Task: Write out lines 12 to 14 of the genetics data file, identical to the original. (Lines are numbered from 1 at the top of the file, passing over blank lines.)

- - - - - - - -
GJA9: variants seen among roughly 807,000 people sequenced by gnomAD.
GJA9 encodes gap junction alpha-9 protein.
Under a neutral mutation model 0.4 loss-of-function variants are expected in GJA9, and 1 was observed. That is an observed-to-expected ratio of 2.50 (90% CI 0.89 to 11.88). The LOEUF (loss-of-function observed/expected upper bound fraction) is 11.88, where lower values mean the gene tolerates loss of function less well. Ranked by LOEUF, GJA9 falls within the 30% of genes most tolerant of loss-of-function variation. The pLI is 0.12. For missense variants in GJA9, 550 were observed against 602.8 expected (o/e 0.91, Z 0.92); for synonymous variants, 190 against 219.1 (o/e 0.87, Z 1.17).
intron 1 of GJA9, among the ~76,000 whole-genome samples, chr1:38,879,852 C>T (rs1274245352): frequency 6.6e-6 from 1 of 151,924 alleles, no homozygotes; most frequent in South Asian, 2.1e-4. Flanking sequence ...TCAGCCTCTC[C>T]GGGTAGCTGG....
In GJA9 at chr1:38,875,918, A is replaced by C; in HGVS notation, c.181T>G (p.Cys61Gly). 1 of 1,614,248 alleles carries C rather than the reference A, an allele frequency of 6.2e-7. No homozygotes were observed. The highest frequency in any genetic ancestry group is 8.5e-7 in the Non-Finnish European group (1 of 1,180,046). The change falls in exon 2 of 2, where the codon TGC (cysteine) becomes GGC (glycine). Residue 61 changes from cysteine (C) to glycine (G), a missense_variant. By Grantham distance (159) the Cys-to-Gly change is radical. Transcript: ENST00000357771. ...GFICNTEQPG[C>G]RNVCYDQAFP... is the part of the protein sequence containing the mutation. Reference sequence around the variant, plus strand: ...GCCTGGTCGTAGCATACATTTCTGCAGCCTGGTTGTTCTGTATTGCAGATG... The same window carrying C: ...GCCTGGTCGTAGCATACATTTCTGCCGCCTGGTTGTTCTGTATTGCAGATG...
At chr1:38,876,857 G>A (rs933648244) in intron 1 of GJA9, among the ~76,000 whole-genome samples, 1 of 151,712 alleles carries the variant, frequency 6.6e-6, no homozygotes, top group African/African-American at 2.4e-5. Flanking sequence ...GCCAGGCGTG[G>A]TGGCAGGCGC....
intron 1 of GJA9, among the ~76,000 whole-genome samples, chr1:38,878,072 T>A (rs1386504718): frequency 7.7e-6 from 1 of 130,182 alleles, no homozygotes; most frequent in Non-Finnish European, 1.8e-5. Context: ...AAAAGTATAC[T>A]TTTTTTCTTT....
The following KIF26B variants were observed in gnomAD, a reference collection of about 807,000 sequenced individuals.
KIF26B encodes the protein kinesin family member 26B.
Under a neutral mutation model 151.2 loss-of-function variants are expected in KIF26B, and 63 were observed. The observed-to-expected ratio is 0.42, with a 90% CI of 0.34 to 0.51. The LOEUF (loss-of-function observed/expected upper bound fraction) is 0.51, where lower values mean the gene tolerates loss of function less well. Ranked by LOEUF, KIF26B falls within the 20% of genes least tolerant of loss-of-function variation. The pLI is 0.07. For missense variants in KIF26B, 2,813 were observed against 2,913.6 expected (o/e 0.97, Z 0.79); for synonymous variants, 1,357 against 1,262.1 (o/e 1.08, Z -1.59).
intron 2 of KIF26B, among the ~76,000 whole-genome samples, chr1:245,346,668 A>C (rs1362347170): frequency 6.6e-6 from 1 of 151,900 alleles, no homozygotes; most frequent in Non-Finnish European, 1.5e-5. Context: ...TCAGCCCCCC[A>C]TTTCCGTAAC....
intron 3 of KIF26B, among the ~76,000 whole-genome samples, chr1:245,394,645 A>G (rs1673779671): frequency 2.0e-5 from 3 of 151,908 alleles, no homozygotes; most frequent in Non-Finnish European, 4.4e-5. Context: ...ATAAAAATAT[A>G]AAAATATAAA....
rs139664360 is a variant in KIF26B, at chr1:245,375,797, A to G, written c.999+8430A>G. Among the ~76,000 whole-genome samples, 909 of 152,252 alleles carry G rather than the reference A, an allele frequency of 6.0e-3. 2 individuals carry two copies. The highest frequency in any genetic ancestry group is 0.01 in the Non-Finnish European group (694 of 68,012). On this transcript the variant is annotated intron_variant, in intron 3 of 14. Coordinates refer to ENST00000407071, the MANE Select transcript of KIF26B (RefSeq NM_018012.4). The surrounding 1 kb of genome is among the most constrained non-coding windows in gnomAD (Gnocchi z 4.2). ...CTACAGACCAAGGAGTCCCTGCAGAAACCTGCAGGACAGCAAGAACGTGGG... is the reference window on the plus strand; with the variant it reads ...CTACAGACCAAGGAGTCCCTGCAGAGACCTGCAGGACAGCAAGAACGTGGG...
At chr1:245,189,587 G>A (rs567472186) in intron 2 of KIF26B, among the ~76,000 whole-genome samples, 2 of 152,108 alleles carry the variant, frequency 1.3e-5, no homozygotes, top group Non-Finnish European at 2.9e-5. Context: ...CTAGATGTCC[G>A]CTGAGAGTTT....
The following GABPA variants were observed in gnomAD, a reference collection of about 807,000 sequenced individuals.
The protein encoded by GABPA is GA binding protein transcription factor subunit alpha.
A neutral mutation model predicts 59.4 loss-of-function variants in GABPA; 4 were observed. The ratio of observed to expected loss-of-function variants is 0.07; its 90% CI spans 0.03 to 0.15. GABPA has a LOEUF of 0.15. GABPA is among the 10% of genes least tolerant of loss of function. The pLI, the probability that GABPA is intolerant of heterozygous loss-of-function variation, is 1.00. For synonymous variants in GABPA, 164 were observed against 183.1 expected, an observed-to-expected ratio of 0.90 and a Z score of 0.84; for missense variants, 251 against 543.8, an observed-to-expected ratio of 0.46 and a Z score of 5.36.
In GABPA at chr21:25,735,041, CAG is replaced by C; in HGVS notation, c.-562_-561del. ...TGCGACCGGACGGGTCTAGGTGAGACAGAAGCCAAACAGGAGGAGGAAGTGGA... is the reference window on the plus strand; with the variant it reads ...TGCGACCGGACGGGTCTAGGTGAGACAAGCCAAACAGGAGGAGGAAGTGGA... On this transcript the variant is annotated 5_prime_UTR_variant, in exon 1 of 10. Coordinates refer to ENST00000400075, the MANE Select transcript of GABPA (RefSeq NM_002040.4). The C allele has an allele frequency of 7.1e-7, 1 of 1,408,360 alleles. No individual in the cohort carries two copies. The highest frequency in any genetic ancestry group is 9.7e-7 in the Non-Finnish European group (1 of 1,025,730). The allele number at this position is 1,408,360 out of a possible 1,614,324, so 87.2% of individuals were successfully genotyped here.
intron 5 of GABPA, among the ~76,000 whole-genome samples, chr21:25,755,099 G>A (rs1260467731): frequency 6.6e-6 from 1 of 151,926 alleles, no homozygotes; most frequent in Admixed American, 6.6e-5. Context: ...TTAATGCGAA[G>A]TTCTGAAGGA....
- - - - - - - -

intron 3 of KIF26B, among the ~76,000 whole-genome samples, chr1:245,394,645 A>G (rs1673779671): frequency 2.0e-5 from 3 of 151,908 alleles, no homozygotes; most frequent in Non-Finnish European, 4.4e-5. Context: ...ATAAAAATAT[A>G]AAAATATAAA....
rs139664360 is a variant in KIF26B, at chr1:245,375,797, A to G, written c.999+8430A>G. Among the ~76,000 whole-genome samples, 909 of 152,252 alleles carry G rather than the reference A, an allele frequency of 6.0e-3. 2 individuals carry two copies. The highest frequency in any genetic ancestry group is 0.01 in the Non-Finnish European group (694 of 68,012). On this transcript the variant is annotated intron_variant, in intron 3 of 14. Coordinates refer to ENST00000407071, the MANE Select transcript of KIF26B (RefSeq NM_018012.4). The surrounding 1 kb of genome is among the most constrained non-coding windows in gnomAD (Gnocchi z 4.2). ...CTACAGACCAAGGAGTCCCTGCAGAAACCTGCAGGACAGCAAGAACGTGGG... is the reference window on the plus strand; with the variant it reads ...CTACAGACCAAGGAGTCCCTGCAGAGACCTGCAGGACAGCAAGAACGTGGG...
At chr1:245,189,587 G>A (rs567472186) in intron 2 of KIF26B, among the ~76,000 whole-genome samples, 2 of 152,108 alleles carry the variant, frequency 1.3e-5, no homozygotes, top group Non-Finnish European at 2.9e-5. Context: ...CTAGATGTCC[G>A]CTGAGAGTTT....